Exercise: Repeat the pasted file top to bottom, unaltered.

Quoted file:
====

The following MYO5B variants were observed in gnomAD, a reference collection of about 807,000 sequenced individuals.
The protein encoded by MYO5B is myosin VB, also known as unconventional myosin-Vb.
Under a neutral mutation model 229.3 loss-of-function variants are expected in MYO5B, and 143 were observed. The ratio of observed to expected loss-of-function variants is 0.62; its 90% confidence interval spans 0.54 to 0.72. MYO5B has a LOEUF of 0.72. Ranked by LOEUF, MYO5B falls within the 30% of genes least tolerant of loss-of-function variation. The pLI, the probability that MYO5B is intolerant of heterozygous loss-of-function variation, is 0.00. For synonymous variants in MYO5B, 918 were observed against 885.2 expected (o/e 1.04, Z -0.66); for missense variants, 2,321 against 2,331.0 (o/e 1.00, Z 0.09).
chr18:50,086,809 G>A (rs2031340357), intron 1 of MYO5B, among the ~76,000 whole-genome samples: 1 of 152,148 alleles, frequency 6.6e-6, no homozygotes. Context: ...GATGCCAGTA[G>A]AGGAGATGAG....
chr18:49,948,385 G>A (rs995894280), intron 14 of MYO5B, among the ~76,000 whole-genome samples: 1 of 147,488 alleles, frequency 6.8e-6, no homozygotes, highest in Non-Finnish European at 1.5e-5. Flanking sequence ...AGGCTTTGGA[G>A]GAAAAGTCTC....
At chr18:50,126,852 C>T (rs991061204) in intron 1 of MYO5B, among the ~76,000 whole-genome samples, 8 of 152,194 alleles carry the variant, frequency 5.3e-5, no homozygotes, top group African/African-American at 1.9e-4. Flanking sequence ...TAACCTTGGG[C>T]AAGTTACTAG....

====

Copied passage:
The following MYO5B variants were observed in gnomAD, a reference collection of about 807,000 sequenced individuals.
The protein encoded by MYO5B is myosin VB, also known as unconventional myosin-Vb.
Under a neutral mutation model 229.3 loss-of-function variants are expected in MYO5B, and 143 were observed. The ratio of observed to expected loss-of-function variants is 0.62; its 90% confidence interval spans 0.54 to 0.72. MYO5B has a LOEUF of 0.72. Ranked by LOEUF, MYO5B falls within the 30% of genes least tolerant of loss-of-function variation. The pLI, the probability that MYO5B is intolerant of heterozygous loss-of-function variation, is 0.00. For synonymous variants in MYO5B, 918 were observed against 885.2 expected (o/e 1.04, Z -0.66); for missense variants, 2,321 against 2,331.0 (o/e 1.00, Z 0.09).
chr18:50,086,809 G>A (rs2031340357), intron 1 of MYO5B, among the ~76,000 whole-genome samples: 1 of 152,148 alleles, frequency 6.6e-6, no homozygotes. Context: ...GATGCCAGTA[G>A]AGGAGATGAG....
chr18:49,948,385 G>A (rs995894280), intron 14 of MYO5B, among the ~76,000 whole-genome samples: 1 of 147,488 alleles, frequency 6.8e-6, no homozygotes, highest in Non-Finnish European at 1.5e-5. Flanking sequence ...AGGCTTTGGA[G>A]GAAAAGTCTC....
At chr18:50,126,852 C>T (rs991061204) in intron 1 of MYO5B, among the ~76,000 whole-genome samples, 8 of 152,194 alleles carry the variant, frequency 5.3e-5, no homozygotes, top group African/African-American at 1.9e-4. Flanking sequence ...TAACCTTGGG[C>T]AAGTTACTAG....